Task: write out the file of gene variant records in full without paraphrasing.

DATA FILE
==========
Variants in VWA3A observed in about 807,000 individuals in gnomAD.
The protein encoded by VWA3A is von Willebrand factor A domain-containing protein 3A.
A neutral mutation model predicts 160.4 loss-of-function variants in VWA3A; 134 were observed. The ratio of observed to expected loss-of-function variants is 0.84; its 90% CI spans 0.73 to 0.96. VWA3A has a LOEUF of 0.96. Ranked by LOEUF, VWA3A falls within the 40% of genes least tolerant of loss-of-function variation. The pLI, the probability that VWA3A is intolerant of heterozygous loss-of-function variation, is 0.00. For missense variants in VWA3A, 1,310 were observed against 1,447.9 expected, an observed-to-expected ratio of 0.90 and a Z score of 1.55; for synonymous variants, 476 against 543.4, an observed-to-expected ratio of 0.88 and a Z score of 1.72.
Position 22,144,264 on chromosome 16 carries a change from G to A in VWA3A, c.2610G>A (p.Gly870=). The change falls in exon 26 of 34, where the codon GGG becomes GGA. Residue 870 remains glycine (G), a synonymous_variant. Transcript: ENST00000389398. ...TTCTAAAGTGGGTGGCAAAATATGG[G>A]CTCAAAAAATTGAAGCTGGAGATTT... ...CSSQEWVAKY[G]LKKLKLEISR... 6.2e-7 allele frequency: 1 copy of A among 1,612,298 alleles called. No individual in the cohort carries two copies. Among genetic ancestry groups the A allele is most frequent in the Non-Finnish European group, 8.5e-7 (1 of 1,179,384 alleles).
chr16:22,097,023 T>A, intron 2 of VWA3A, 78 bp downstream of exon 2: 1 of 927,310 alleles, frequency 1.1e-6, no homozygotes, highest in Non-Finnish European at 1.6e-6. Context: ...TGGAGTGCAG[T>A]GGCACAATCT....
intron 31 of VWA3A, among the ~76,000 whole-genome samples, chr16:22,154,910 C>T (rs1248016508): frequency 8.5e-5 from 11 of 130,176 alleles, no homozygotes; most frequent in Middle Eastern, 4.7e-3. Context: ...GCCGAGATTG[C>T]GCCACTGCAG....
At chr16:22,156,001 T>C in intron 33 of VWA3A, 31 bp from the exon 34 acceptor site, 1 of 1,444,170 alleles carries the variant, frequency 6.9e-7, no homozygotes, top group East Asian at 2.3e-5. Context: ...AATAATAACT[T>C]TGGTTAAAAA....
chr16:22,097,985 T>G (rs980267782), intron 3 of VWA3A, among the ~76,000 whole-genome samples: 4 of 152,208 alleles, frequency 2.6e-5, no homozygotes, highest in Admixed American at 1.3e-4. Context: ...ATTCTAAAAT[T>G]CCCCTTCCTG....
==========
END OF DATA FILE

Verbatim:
Variants in VWA3A observed in about 807,000 individuals in gnomAD.
The protein encoded by VWA3A is von Willebrand factor A domain-containing protein 3A.
A neutral mutation model predicts 160.4 loss-of-function variants in VWA3A; 134 were observed. The ratio of observed to expected loss-of-function variants is 0.84; its 90% CI spans 0.73 to 0.96. VWA3A has a LOEUF of 0.96. Ranked by LOEUF, VWA3A falls within the 40% of genes least tolerant of loss-of-function variation. The pLI, the probability that VWA3A is intolerant of heterozygous loss-of-function variation, is 0.00. For missense variants in VWA3A, 1,310 were observed against 1,447.9 expected, an observed-to-expected ratio of 0.90 and a Z score of 1.55; for synonymous variants, 476 against 543.4, an observed-to-expected ratio of 0.88 and a Z score of 1.72.
Position 22,144,264 on chromosome 16 carries a change from G to A in VWA3A, c.2610G>A (p.Gly870=). The change falls in exon 26 of 34, where the codon GGG becomes GGA. Residue 870 remains glycine (G), a synonymous_variant. Transcript: ENST00000389398. ...TTCTAAAGTGGGTGGCAAAATATGG[G>A]CTCAAAAAATTGAAGCTGGAGATTT... ...CSSQEWVAKY[G]LKKLKLEISR... 6.2e-7 allele frequency: 1 copy of A among 1,612,298 alleles called. No individual in the cohort carries two copies. Among genetic ancestry groups the A allele is most frequent in the Non-Finnish European group, 8.5e-7 (1 of 1,179,384 alleles).
chr16:22,097,023 T>A, intron 2 of VWA3A, 78 bp downstream of exon 2: 1 of 927,310 alleles, frequency 1.1e-6, no homozygotes, highest in Non-Finnish European at 1.6e-6. Context: ...TGGAGTGCAG[T>A]GGCACAATCT....
intron 31 of VWA3A, among the ~76,000 whole-genome samples, chr16:22,154,910 C>T (rs1248016508): frequency 8.5e-5 from 11 of 130,176 alleles, no homozygotes; most frequent in Middle Eastern, 4.7e-3. Context: ...GCCGAGATTG[C>T]GCCACTGCAG....
At chr16:22,156,001 T>C in intron 33 of VWA3A, 31 bp from the exon 34 acceptor site, 1 of 1,444,170 alleles carries the variant, frequency 6.9e-7, no homozygotes, top group East Asian at 2.3e-5. Context: ...AATAATAACT[T>C]TGGTTAAAAA....
chr16:22,097,985 T>G (rs980267782), intron 3 of VWA3A, among the ~76,000 whole-genome samples: 4 of 152,208 alleles, frequency 2.6e-5, no homozygotes, highest in Admixed American at 1.3e-4. Context: ...ATTCTAAAAT[T>G]CCCCTTCCTG....